What should the priest do in this hypothetical case?
Here are the considerations:
- Is the penitent in an invalid (i.e., adulterous) union?
- Is he in good faith because of his reading or understanding of AL?
- How does the penitent (or the priest) really know that his conscience was properly formed?
- Was the first priest correct in granting him absolution?
- If the first priest was correct, the absolution was prime facie invalid because the penitent deliberately concealed a mortal sin: cooperating with the sin of abortion.
- If the first absolution was not valid-- in the present situation-- could the priest validly grant absolution now?
- Would the priest be in the position of ratifying an incorrect decision of the previous priest by granting the absolution now?
- Could it be said the preceding priest who granted the absolution was in fact incorrect, in the eyes of the Church?
Here’s what I would do. Since the penitent is knowingly and freely involved in ongoing adulterous activity with no apparent intention of ending it, because of the lack of a purpose of amendment that is needed to be absolved validly, he cannot be absolved-- unless he resolves to live as “brother and sister.” I would add that, if he wishes, I would be happy to meet with him outside of Confession to explore the possibility of marriage annulment proceedings. (I have a conscience too.)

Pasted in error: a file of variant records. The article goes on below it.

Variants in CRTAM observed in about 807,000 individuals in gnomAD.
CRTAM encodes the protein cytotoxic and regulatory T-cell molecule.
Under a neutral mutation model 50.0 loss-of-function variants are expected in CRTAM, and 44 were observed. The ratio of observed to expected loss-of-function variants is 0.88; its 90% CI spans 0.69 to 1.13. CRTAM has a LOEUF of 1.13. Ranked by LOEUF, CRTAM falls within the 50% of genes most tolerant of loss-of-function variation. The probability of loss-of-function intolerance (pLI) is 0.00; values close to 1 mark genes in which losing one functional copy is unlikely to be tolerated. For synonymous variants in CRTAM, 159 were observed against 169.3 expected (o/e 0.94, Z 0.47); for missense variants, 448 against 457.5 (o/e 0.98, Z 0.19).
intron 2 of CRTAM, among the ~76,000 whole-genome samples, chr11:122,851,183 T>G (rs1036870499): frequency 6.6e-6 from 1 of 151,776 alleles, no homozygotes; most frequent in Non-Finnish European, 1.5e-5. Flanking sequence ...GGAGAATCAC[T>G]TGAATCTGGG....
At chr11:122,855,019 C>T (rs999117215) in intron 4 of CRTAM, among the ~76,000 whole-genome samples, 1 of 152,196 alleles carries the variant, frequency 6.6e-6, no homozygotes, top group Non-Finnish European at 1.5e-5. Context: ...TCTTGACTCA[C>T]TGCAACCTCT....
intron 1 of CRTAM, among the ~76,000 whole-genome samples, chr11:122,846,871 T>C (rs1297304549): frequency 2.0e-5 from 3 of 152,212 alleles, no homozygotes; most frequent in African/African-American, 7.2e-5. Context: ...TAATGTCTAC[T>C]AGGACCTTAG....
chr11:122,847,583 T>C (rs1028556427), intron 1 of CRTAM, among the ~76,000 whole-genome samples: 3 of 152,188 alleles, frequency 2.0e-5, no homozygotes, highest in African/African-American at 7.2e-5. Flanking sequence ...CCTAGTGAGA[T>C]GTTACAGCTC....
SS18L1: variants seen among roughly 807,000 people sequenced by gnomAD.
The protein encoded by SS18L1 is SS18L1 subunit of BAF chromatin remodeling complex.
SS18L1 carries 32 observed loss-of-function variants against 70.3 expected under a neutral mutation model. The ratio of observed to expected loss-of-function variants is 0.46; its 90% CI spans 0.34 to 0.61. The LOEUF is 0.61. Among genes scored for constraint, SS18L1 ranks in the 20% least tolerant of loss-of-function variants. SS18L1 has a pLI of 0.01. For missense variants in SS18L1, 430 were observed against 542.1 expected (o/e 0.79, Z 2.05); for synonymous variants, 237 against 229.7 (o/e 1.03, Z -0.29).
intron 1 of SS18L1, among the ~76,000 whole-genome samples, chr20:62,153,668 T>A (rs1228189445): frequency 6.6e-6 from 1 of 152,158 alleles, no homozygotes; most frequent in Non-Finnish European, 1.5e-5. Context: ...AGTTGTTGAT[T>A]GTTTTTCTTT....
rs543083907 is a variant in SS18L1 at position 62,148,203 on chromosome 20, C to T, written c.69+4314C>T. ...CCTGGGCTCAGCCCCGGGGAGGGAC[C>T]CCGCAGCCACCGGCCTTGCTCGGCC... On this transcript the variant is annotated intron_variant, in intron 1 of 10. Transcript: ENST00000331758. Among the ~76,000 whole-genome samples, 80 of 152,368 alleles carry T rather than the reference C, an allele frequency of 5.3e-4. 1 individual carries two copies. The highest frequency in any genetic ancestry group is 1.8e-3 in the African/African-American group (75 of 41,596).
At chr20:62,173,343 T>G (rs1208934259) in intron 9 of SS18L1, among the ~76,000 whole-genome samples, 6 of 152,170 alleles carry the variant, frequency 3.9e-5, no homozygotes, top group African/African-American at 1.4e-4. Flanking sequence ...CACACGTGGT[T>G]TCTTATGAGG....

But all this would probably mean that the penitent would go priest-shopping until he received the answer that worked for him. (The existing tribunal process has its flaws, of course, but there are some safeguards against tribunal-shopping.) And it’s likely that over the years, the penitent’s decision as to the validity of his marriage would be ratified in his conscience, time and again, in Confession, perhaps even unwittingly, by successor priests.
I’ve always viewed the purpose of the canonical process as a way to bring moral certainty to a person with a perplexed conscience. But the question of paramount importance in the light of AL is whether the penitent really wrestled with his perplexed conscience, or deceived himself to think of his first marriage as truly “invalid,” and thereby placed his soul at risk. We’ll never know, of course. But since the validity of the penitent’s “return” to the practice of the Faith depends upon his subjective conscience, he may never have the moral certainty of forgiveness. Thus the efficacy of the sacrament is undermined.
I fear AL itself (especially the moral reasonings of Chapter 8, or at least its ambiguities) may well send many Catholics into a moral wilderness without a shepherd. Pity the sheep. And pity the bishops who ultimately will bear the brunt of the confusion in the administration of their marriage tribunals.
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Posted by: jimr451 -
May. 06, 2016 10:10 PM ET USA
I suspect one other consequence of AL will be a further decrease in the number of confessions overall.
Posted by: Randal Mandock -
May. 06, 2016 5:44 PM ET USA
Was St. John Paul II not prescient in Veritatis splendor? The encyclical was written specifically to combat proportionalism and consequentialism. The "fundamental option" was explained. The role of conscience clarified. Papal encyclicals matter.